• aficionado •
ê-fi-shi-ê-nah-do • Hear it!
Part of Speech: Noun
Meaning: An enthusiastic maven, fan(atic), knowledgeable devotee.
Notes: Aficionado is a masculine word in Spanish. Its sister, aficionada, is still in use in the English-speaking world. These words are such recent additions to the English vocabulary (1830s) that neither has had time to create a lexical family. Remember, it begins on an A, not an O. The plural is formed without an E: aficionados.
In Play: Aficionado is a serious surrogate for enthusiast: "Good Word subscribers around the world are known as aficionados of the English language." It refers to a seriously committed fan: "The Podunk Jazz Festival is known only to the hard-core jazz aficionado."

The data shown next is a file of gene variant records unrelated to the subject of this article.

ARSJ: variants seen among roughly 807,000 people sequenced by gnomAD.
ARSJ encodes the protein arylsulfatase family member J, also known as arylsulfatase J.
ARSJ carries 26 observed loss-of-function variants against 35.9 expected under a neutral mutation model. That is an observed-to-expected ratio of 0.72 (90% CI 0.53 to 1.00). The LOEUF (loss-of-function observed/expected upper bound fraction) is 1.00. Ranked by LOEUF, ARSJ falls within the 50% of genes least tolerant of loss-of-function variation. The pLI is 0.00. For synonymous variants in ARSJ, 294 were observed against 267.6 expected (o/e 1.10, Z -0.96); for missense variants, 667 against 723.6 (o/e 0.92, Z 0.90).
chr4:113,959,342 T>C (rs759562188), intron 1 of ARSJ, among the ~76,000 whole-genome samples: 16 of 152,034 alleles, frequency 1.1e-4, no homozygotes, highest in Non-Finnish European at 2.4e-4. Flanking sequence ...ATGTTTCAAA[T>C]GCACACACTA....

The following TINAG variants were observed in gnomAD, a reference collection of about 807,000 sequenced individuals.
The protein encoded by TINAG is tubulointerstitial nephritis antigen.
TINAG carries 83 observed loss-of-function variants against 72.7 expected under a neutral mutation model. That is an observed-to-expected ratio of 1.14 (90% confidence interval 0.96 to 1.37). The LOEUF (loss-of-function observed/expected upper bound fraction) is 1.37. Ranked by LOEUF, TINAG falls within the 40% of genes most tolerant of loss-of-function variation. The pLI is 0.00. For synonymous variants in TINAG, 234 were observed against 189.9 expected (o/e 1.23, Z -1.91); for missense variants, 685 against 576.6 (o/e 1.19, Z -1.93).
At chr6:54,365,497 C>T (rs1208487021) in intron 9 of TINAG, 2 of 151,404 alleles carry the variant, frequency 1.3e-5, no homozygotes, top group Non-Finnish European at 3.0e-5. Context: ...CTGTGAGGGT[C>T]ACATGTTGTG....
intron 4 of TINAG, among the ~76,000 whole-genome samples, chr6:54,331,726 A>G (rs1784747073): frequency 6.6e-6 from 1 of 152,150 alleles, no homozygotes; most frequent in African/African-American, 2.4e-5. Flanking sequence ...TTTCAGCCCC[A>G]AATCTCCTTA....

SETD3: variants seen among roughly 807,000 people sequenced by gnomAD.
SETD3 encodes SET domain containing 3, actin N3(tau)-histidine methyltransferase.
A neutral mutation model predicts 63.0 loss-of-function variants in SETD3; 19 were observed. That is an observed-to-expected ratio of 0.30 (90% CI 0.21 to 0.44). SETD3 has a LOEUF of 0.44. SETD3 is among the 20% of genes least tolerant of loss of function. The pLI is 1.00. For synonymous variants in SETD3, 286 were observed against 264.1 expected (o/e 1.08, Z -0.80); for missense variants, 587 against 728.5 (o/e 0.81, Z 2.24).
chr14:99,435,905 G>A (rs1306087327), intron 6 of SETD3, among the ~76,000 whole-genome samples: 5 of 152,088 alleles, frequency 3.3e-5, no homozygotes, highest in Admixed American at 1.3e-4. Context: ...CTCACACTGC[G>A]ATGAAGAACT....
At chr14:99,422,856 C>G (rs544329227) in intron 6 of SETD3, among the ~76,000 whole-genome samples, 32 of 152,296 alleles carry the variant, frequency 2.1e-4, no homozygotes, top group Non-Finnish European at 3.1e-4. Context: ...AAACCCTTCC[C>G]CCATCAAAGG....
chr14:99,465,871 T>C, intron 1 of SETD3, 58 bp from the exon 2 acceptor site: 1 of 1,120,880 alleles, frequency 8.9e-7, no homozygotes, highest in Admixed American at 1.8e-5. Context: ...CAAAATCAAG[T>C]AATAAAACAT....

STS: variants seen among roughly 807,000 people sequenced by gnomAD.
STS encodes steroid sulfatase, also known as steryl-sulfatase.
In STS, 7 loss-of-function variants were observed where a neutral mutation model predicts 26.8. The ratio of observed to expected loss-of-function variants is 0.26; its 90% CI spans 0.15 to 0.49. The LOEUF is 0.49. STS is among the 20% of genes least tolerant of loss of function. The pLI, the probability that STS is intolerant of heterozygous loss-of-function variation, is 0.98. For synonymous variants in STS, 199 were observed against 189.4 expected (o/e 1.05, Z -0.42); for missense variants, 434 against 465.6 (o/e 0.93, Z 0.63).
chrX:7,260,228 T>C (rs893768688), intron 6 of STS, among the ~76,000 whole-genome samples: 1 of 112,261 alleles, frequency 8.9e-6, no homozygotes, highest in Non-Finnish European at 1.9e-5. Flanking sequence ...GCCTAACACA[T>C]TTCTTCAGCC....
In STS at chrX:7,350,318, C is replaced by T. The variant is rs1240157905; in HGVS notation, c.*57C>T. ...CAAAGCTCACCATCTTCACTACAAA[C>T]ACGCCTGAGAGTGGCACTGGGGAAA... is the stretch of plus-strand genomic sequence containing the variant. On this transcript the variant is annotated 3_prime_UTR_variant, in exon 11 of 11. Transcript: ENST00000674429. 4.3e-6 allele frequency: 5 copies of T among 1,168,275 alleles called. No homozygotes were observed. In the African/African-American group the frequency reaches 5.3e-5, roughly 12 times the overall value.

Word History: Today's Good Word IS Spanish aficionado "devotee, avid fan", literally "someone who has an affection (afición) for". Afición was handed down from Latin affectio(n) "relation, disposition", the action noun of afficere "to influence, affect", source of the English borrowing affect. Latin created its word out of ad "(up) to" + the combining form of facere "do, make". Facere was based on Proto-Indo-European dhe-/dho- "to put, place", source also of English do, Russian det' "to put", and German tun "to do". Latin facilis "easy to do, doable" was borrowed by English, via French, as facile. The past participle of facere is factus, which English borrowed as fact, along with a whole series of Latin words on -fectus, the combining form of factus: defect, affect, perfect, and infect. (Today's Good Word came from long-time Good Word aficionado and editor of the series, Jeremy Busch.)
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